The O'Neils, who live in Chester and own O'Neil Sand and Gravel LLC, which extracts gravel for roads and driveways, are hoping to gain public and state and local government support for a downsized gravel pit on 139 acres south of Green Mountain Union High School.
Since Tropical Storm Irene ripped open roadways throughout the state in late August, the O'Neils have been extracting gravel on that property to help in the reconstruction efforts under a state emergency permit. That permit terminates on Nov. 15.
Members of the Select Board said they saw a benefit in opening up the property to gravel extraction since the town relies on gravel for repair of its many dirt roads throughout the year and a local source would be less costly.
But it was obvious from the beginning that memories of the contentious battle that opened deep rifts in Chester five years ago were bubbling to the surface. At that time, some residents objected to the noise, dust and truck traffic that the gravel pit would generate.
“Must the citizens, the town go through this again?”
A number of residents protested that the project was even being considered again after being struck down by an Act 250 review and an Environmental Court appeal five years ago.
Chris Curran said, “The O'Neil gravel pit shouldn't have been allowed to be heard the first time. … the only ones to win were the lawyers. Must the citizens, the town go through this again?”
Amy O'Neil said her company intends to file an application for the gravel pit with the Chester Development Review Board and the state. She said preliminary plans are to extract 40,000 cubic yards of gravel per year, as opposed to the 100,000 that had been proposed earlier. She added that a crusher would be used six times a year, a hammer twice and that blasting would be done not more than four times a year and only when school is not in session. She added that truck traffic would be no more 180 truck trips a day, and could be less if residents objected.
“We are open to constructive criticism and any reasonable request.”|
O'Neil added, “We are open to constructive criticism and any reasonable request.” She added, “We'd like to know what your concerns are.” The O'Neils hope to speak to the GMUH School board at its next meeting on Thursday, Nov. 10.
Objecting to the Select Board hearing the O'Neil proposal, Paul Dexter, who was involved in the earlier battle, said, “The Environmental Court case ultimately ruled it was not legal, that it violated conditions. These conditions still exist and will run with the land forever.” He then urged the board not to “expend the resources listening to this again. Why would anyone in this town want to go through this again?”
Dexter added that the condition that stopped the project in the first place was the noise level. Resident Bruce Chase said, “All the noise testing that could be done was done. The courts have decided.”
But O'Neil said, “We are not looking to overturn any conditions. This is a different project.” She added that through their experience with Irene recovery work, they learned that the noise levels that were of much concern five years ago were actually less than the sound modeling results, which she called a “very good scientific guess. ...What we have seen on Friday and in the past two months is reality. It is barely audible.” On Thursday, she explained that she parked in the school parking lot to run decibel testing there during crushing and that the results were “barely audible,” which indicates that the sound could not be differentiated from other background sounds.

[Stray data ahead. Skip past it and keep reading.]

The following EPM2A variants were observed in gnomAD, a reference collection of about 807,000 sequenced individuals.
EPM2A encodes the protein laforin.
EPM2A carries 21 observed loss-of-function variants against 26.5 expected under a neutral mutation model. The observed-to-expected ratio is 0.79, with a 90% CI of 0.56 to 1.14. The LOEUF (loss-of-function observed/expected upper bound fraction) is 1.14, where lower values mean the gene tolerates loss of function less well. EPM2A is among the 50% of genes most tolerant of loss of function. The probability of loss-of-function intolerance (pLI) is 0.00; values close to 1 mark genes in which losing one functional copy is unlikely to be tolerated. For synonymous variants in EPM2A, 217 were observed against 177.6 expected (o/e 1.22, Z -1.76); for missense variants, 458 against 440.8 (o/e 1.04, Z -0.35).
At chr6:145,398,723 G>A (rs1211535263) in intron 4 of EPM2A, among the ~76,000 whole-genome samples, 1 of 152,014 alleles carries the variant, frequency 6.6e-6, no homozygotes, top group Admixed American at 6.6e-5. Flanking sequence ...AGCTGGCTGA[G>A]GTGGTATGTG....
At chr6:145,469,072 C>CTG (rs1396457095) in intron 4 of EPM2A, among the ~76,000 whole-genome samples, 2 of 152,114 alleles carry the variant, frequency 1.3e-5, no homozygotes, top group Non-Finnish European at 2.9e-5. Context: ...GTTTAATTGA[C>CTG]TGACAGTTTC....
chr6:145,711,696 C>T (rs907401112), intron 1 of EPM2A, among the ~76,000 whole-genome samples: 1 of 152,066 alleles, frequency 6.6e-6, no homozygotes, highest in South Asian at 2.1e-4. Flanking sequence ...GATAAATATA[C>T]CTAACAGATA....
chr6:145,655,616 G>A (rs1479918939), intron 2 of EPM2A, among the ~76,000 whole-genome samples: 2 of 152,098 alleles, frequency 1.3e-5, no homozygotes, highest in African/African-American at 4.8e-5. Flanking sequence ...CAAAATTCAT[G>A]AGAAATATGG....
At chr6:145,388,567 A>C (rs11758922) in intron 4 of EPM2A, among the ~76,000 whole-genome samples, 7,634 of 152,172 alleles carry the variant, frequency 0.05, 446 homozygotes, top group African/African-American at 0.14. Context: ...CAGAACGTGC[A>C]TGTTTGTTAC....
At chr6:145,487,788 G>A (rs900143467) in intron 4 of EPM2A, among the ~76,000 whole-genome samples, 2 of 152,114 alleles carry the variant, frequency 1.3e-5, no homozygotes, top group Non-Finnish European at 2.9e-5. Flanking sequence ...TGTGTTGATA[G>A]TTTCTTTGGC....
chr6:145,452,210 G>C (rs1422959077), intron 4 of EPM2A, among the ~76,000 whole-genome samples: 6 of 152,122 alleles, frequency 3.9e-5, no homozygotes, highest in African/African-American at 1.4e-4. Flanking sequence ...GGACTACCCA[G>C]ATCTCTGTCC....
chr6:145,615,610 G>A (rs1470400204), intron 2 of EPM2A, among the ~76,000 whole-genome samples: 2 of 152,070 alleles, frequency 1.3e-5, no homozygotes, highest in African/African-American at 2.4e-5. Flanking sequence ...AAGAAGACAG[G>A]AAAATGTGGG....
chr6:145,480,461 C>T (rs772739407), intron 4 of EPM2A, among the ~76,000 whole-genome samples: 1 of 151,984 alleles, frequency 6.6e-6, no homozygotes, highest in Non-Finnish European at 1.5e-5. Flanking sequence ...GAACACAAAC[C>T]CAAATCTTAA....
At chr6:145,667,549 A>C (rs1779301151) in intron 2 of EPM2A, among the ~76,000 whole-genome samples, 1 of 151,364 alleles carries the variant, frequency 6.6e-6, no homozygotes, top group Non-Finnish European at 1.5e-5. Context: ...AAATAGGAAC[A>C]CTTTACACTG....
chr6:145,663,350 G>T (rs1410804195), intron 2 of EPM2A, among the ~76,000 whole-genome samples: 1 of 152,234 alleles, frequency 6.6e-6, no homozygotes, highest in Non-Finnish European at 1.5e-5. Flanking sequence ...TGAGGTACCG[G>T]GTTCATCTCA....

Over the objections from some residents that the gravel pit was even being addressed by the Select Board, chair John DeBenedetti said, “Because of what happened with the hurricane and the convenience of it, I'm open to more information.” He cited concerns with the Department of Public Works budget.
Board member Derek Suursoo said, “I am in support of a source of local gravel. I wish it were in a different location, but we have a very serious need. We need to have a discussion and that's what I am supporting.”
“...we have a very serious need. We need to have a discussion
and that's what I am supporting.”
Select Board member Derek Suursoo
“We'd be remiss in not looking at every source,” said member Tom Bock. “I want ... an investigation to see if it's the same project as five years ago.”
Arne Jonynas said, “It is a totally different project, it's much smaller. I think it is worth looking into. The board concluded by agreeing to send a letter to the school board - accepting the suggestions of several in the opposition on its wording - to alert them that the O'Neils wished to address the issue on Nov. 10.
Julie and Bob Pollard of Chester Hardware came before the board for permission to use Cobleigh Field, The Green and The Pinnacle for the annual Winter Carnival, set for 6 p.m. Feb. 17 to 5 p.m. Feb. 19, 2012. It was an easy unanimous vote. To hearty applause, they also announced that the Vermont Chamber of Commerce voted the carnival one of the Top 10 Winter Events in Vermont.